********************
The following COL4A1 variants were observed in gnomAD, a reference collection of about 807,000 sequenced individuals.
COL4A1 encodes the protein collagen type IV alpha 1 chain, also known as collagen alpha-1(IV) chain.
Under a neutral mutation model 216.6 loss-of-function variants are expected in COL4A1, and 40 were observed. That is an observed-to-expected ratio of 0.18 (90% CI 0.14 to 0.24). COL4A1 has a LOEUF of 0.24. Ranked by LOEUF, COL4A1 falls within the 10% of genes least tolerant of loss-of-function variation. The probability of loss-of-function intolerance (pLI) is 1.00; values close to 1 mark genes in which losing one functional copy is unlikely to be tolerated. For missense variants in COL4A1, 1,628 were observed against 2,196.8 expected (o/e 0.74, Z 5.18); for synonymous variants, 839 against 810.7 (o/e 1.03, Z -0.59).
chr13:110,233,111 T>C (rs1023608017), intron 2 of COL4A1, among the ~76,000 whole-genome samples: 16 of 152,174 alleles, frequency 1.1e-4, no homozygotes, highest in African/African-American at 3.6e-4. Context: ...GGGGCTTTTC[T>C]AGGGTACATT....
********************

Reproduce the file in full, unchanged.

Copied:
The following COL4A1 variants were observed in gnomAD, a reference collection of about 807,000 sequenced individuals.
COL4A1 encodes the protein collagen type IV alpha 1 chain, also known as collagen alpha-1(IV) chain.
Under a neutral mutation model 216.6 loss-of-function variants are expected in COL4A1, and 40 were observed. That is an observed-to-expected ratio of 0.18 (90% CI 0.14 to 0.24). COL4A1 has a LOEUF of 0.24. Ranked by LOEUF, COL4A1 falls within the 10% of genes least tolerant of loss-of-function variation. The probability of loss-of-function intolerance (pLI) is 1.00; values close to 1 mark genes in which losing one functional copy is unlikely to be tolerated. For missense variants in COL4A1, 1,628 were observed against 2,196.8 expected (o/e 0.74, Z 5.18); for synonymous variants, 839 against 810.7 (o/e 1.03, Z -0.59).
chr13:110,233,111 T>C (rs1023608017), intron 2 of COL4A1, among the ~76,000 whole-genome samples: 16 of 152,174 alleles, frequency 1.1e-4, no homozygotes, highest in African/African-American at 3.6e-4. Context: ...GGGGCTTTTC[T>C]AGGGTACATT....